Definition of stagflation

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What is stagflation?



Stagflation is an economic expression for a period with weak or no growth and strong inflation. For stagflation to occur, the price increase and economic slowdown must be sustainable.

Causes and consequences of stagflation



Stagflation can occur following a major economic crisis. To boost growth, the central bank then applies an expansionary monetary policy. It then lowers its key rates and in some cases uses non-conventional instruments such as quantitative easing (QE). This has the effect ofincreasing the money supply.

This monetary creation can then generate high inflation and if economic growth is not on track, then a period of stagflation can set in. Price increases (measured by theconsumer price index) leads to a significant loss of purchasing power for households. As a result, consumption slows down and companies then lower their level of production. This leads to a significant increase in the unemployment rate. All these elements drive economic growth down.

Generally, to emerge from a period of stagflation, the central bank intensifies the mechanisms of monetary creation (banknote printing technique) to try to get out of slow growth. The problem is that it continues to drive up prices.

The phenomenon of stagflation may also be due to an increase in the price of raw materials (such as the rise in oil prices for example). This increase causes companies’ production costs to increase, to maintain their margins the companies increase the price of goods and services. If this situation persists, it can lead to sustained inflation and a drop in consumption. Economic growth declines and stagflation can take hold.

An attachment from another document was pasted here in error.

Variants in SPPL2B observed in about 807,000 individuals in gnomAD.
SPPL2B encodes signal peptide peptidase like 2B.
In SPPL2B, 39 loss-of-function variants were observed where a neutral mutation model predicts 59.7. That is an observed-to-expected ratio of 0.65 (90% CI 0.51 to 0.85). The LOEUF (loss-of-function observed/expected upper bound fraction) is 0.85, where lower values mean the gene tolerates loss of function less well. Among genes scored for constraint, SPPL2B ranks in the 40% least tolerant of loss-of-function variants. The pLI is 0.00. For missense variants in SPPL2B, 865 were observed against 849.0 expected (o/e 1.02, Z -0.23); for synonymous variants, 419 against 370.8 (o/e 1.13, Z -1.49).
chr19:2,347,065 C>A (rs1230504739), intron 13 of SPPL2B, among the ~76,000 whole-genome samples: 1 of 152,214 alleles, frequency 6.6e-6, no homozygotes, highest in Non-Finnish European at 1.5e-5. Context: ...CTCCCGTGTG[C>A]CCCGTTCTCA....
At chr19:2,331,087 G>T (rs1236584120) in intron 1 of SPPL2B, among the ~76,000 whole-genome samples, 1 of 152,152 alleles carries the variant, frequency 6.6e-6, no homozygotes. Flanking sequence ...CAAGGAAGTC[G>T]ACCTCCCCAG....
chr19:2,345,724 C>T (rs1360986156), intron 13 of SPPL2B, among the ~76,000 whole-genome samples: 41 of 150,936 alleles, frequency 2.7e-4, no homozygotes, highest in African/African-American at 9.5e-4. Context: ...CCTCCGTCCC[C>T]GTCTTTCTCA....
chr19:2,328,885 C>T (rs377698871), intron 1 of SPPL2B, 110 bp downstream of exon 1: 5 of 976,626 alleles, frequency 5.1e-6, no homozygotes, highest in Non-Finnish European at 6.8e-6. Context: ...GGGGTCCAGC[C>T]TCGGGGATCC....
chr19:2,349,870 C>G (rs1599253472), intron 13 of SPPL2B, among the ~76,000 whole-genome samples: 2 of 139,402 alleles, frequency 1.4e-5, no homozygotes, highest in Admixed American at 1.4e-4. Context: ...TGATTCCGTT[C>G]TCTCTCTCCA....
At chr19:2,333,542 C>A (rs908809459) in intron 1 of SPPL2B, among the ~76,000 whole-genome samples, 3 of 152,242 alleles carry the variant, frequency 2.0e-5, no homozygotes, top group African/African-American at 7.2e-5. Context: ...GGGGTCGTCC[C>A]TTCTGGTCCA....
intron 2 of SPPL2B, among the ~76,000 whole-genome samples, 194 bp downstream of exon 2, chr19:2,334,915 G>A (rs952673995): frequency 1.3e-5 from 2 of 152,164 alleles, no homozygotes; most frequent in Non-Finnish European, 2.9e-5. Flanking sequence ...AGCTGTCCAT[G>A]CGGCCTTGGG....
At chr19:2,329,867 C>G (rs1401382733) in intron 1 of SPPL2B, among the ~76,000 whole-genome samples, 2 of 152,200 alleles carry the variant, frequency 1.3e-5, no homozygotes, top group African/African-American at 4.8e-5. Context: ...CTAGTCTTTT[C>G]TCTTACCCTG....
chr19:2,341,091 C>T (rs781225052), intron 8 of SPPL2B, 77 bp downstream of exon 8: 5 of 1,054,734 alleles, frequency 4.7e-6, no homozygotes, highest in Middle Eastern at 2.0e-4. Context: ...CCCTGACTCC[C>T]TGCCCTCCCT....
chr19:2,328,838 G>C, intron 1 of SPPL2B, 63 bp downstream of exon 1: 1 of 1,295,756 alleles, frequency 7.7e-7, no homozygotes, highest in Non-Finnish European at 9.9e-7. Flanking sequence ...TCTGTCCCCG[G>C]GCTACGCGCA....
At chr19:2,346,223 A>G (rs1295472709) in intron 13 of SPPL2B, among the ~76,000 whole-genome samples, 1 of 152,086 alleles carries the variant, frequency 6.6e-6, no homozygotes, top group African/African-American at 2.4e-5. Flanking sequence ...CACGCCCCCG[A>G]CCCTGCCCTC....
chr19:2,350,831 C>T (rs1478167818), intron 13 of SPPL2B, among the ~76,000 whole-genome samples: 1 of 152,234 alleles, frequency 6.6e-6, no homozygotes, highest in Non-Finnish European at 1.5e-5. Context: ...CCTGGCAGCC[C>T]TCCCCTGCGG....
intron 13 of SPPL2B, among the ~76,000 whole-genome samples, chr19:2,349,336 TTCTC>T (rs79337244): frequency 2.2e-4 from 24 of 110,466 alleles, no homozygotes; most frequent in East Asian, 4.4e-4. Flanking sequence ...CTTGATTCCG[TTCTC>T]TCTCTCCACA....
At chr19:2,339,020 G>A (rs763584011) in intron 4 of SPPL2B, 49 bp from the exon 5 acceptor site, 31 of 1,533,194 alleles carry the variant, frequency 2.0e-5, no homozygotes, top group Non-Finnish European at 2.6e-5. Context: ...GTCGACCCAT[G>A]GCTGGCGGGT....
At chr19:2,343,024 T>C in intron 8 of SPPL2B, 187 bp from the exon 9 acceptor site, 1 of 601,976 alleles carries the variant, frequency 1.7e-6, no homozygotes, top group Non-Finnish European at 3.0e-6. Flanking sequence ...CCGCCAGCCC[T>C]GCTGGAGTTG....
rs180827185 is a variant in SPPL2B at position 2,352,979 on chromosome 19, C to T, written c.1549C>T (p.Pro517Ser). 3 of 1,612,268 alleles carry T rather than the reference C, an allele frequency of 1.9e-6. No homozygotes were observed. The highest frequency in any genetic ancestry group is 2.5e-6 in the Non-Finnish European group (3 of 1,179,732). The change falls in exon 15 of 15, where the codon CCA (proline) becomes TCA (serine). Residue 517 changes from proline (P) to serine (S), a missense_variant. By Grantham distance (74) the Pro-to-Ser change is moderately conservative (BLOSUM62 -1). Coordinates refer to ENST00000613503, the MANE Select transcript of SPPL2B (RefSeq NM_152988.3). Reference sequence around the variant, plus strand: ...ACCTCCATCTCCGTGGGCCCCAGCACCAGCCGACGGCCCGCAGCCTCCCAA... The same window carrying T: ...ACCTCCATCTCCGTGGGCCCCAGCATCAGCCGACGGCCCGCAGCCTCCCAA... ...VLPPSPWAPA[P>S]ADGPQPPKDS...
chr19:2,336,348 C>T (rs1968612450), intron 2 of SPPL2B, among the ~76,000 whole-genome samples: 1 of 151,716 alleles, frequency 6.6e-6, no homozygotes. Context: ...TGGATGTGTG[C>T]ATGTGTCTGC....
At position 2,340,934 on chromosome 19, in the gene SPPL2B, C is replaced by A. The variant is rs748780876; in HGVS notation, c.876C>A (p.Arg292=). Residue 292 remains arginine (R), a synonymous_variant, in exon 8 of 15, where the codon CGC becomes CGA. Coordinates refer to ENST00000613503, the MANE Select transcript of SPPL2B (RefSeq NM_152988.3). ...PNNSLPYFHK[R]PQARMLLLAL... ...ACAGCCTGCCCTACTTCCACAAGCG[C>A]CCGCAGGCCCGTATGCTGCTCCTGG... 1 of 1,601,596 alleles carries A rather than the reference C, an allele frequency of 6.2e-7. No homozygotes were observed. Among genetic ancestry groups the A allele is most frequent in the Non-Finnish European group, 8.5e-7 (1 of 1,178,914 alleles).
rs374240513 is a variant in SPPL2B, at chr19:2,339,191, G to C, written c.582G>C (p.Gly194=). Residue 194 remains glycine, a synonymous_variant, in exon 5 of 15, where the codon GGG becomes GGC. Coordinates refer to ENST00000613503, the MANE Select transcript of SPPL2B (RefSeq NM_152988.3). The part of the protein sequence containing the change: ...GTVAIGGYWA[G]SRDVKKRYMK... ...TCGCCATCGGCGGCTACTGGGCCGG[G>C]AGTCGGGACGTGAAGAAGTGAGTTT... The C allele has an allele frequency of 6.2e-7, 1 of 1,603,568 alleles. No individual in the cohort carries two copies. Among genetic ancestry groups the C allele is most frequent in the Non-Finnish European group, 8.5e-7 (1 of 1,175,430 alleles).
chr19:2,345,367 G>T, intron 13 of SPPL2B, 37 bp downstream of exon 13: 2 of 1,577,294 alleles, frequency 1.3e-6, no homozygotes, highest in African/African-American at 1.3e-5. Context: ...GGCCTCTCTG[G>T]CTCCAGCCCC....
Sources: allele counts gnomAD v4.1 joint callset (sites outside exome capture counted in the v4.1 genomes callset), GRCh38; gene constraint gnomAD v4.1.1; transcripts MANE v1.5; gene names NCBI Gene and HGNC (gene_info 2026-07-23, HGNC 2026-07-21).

Example of stagflation



A well known example of stagflation followed the first oil crisis in 1973. It was the end of the Glorious Thirties and the sharp rise in oil prices significantly slowed economic activity and caused a sharp rise in inflation. This economic situation occurred in France and the United States. At that time, the United Kingdom had already been affected by stagflation for several years. It was British Prime Minister Iain Macleod who invented the term in 1965.

To get out of this economic situation, a policy to fight unemployment was then put in place by the various countries. In France, it was the Mitterand government that implemented a recovery policy as soon as it was elected in 1981. This policy was a total failure, unemployment was very high at the time and did not decline (and even continued to rise) and the inflation rate soared. Stagflation persisted. In 1983, Mitterand finally changed his policy. This was the beginning of the end. In many developed countries, Keynesianism gave way to monetarism. That was the dawn of austerity policy.

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